Harry Bertoia (Italian, 1915–1978) was a sculptor who was best known for his classic Bertoia Chair and numerous monumental architectural sculptures. He was born in Arieto Bertoia in San Lorenzo, Italy, on March 10, 1915. He attended school in Italy until the age of 15, when he accompanied his father to Michigan to see his brother Oreste. Upon immigrating to the United States, he Americanized his name, adapting it from his Italian nickname, Arieto, meaning "little Harry."

After finishing high school in Detroit, Bertoia received a scholarship to the Detroit Society of Arts and Crafts, where he studied drawing and painting. In 1937, he attended the Cranbrook Academy of Art in Bloomfield Hills, MI. In 1939, he was asked to stay on at Cranbrook Academy to teach metalwork. Metal was scarce during World War II, so Bertoia was forced to concentrate on jewelry making. When he wasn't teaching, Bertoia spent time creating monoprints, which he later sent to the Solomon R. Guggenheim Museum to be assessed. In 1943, the Guggenheim foundation exhibited 19 of Bertoia's prints.

In 1943, Cranbrook Academy of Art closed its doors, and Bertoia moved to California. While there, he worked with Charles Eames and Ray Eames on projects that involved sculpting molded plywood. During this time, he continued to work on his monoprints, and held his first exhibition at the San Francisco Museum of Art in 1945. In 1950, he moved to Pennsylvania to work with Hans Knoll.

It was during this time that Bertoia designed the Bertoia Diamond Chair series, which is still produced by Knoll, Inc. In 1953, General Motors commissioned Bertoia to complete an architectural sculpture, which became his first of many. Some of Bertoia's more notable architectural sculptures include View of Earth From Space, designed for the Dulles International Airport, Waves, designed for the Philadelphia Civic Center, and Sounding, a fountain piece designed to sit in front of the Standard Oil building in Chicago.

Bertoia died from lung cancer on November 6, 1978.


Born in San Lorenzo, Pordenone, Italy
He received a scholarship to study at the Cranbrook Academy of Art where he encountered Walter Gropius, Edmund N. Bacon and Ray and Charles Eames for the first time, Bloomfield Hills, MI
Attended the Art School of the Detroit Society of Arts and Crafts, now known as the College for Creative Studies, Detroit, MI
Opened his own metal workshop and taught jewelry design and metal work
Married Brigitta Valentiner and moved to California to work with Charles and Ray Eames for the Evans Product Company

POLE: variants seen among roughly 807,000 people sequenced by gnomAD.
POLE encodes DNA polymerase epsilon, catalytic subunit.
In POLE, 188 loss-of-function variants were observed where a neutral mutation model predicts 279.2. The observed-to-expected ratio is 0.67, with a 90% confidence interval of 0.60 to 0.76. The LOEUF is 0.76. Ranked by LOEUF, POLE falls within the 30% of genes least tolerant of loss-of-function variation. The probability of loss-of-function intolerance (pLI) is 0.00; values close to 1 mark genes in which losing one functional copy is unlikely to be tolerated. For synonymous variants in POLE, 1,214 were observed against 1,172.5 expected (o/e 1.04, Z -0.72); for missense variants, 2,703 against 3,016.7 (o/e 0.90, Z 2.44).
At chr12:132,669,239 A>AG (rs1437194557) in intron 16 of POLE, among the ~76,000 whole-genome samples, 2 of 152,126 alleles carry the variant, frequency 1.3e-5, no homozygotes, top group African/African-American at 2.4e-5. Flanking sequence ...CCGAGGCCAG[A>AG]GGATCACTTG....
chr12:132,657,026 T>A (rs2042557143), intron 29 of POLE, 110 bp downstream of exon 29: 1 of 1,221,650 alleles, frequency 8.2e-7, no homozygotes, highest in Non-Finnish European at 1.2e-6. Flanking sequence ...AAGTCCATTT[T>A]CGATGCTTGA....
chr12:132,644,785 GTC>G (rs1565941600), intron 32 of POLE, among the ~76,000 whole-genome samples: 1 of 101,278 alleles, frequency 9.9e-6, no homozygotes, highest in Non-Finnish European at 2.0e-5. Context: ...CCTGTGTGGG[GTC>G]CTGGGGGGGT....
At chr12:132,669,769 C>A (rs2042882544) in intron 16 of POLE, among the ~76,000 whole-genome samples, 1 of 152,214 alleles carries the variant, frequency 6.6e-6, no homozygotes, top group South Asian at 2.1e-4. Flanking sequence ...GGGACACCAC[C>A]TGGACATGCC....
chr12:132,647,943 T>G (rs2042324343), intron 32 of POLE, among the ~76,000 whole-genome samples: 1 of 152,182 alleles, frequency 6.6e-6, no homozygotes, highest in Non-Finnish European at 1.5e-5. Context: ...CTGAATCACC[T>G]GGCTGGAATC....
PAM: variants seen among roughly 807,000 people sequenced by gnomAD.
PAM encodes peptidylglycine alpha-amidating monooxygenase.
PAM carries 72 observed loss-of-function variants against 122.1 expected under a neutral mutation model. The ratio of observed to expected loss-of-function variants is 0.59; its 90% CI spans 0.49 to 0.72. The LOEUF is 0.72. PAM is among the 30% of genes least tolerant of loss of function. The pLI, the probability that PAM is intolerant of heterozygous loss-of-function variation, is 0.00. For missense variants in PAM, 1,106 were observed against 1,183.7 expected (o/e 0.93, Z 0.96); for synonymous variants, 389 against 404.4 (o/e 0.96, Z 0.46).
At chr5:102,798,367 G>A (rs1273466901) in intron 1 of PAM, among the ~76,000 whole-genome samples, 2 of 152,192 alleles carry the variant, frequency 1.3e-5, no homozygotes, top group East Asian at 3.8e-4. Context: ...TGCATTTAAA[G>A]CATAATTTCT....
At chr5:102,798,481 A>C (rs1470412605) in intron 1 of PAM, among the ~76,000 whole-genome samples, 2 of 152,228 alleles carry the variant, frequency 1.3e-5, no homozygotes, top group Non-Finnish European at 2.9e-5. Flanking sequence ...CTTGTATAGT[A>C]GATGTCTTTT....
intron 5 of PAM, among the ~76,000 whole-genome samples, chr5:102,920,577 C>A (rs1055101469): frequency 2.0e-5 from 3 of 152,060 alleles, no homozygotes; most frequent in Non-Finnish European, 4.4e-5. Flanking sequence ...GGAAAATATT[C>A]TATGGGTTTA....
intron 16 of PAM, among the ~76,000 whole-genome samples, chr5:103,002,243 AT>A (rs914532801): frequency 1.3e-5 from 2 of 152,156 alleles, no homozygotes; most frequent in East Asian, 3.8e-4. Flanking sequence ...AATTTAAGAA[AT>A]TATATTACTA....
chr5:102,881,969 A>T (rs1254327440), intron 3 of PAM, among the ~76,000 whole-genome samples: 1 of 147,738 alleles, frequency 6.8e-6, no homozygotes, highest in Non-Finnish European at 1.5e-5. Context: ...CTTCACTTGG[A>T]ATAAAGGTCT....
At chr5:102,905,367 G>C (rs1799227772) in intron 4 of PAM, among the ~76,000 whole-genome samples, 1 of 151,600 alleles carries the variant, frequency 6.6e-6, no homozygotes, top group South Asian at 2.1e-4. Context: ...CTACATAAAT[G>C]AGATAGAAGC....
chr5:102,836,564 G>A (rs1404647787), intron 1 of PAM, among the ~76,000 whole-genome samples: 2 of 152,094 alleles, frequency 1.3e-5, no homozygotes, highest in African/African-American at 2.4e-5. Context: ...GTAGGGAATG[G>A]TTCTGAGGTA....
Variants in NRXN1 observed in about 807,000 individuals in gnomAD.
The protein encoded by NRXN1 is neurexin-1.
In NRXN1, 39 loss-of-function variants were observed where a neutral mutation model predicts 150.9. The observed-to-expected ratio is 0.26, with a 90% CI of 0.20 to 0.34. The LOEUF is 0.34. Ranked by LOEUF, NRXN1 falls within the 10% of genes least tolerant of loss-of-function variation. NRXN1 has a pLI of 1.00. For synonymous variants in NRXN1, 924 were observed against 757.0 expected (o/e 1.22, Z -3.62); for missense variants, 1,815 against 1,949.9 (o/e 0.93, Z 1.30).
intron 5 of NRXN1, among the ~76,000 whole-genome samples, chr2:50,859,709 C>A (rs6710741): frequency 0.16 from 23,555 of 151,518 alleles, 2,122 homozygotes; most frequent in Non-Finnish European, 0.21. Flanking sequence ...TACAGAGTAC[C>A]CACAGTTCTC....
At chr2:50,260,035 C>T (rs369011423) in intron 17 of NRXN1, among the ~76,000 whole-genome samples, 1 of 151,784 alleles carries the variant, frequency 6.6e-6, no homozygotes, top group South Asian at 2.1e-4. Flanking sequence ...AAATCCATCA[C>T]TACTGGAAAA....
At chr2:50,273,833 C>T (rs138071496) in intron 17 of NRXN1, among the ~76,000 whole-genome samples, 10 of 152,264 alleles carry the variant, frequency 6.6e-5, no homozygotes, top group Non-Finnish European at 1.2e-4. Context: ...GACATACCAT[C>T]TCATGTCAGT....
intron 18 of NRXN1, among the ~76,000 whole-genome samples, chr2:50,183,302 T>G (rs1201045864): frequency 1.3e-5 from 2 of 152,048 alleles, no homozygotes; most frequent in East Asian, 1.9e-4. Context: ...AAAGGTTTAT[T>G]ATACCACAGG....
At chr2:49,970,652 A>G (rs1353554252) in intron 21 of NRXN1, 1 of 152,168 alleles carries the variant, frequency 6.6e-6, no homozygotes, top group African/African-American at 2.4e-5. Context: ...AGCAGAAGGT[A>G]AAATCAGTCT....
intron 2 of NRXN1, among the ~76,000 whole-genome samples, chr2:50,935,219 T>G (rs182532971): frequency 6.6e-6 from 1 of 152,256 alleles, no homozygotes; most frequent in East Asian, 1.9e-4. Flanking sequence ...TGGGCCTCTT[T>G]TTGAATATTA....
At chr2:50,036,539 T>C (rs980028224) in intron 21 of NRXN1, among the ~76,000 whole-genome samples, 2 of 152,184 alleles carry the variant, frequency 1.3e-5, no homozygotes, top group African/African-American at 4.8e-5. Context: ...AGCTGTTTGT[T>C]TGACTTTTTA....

Moved to Pennsylvania to establish a studio and to work with Hans and Florence Knoll
The commercial success enjoyed by Bertoia's diamond chair was immediate and in the mid-50's the chairs, produced by Knoll, sold so well that the royalties he received for them allowed him to devote himself exclusively to sculpture
Fellow at the Graham Foundation in Chicago, IL
Died in Barto, PA


Pordenone Art Museum, Pordenone, Friuli, Italy
Seraphin Gallery, Philadelphia, PA
Reading Art Museum, Reading, PA
Kennedy Galleries, New York, NY
Cranbrook Art Museum, Bloomfield Hills, MI
Allentown Art Musuem, Allentown, PA
Fairweather Hardin Gallery, Chicago, IL
Harry Bertoia, Retrospective, Staempfli Gallery, New York, NY
Grieg Hall, Bergen, Norway
Heinie-Onstad Museum, Oslo, Norway
Marshall University, Huntington, WV
Allentown Art Museum, Allentown, PA
Olympia Galleries, Glenside, PA
Marshall University, Huntingdon, WV
St. Paul Art Center, St. Paul, MN
Staempfli Gallery, New York, NY
St. Paul Art Center, St. Paul, MN
US Pavilion, Brussels World's Fair, Brussels, Belgium
The American Federation of Arts, New York, NY
Fairweather Harden Gallery, Chicago, IL
Massachusetts Institute of Technology, Cambridge, MA
Knoll Associates, New York, NY
Nierendorf Gallery, New York, NY
San Francisco Museum of Modern Art, San Francisco, CA
Solomon R. Guggenheim Museum, New York, NY
Cranbrook Academy of Art, Bloomfield Hills, MI
Nierendorf Gallery, New York, NY

Public Collections

Walker Art Center, Minneapolis, MN
Addison Gallery of American Art, Andover, MA
Brooklyn Museum, Brooklyn, NY
Cleveland Museum of Art, Cleveland, OH
Detroit Institute of Arts, Detroit, MI
Hirshhorn Museum and Sculpture Garden, Washington, DC
Kemper Museum of Contemporary Art, Kansas City, MO
Nasher Sculpture Center, Dallas, TX
Philadelphia Museum of Art, Philadelphia, PA
Smithsonian American Art Museum, Washington, DC
Vero Beach Museum of Art, Vero Beach, FL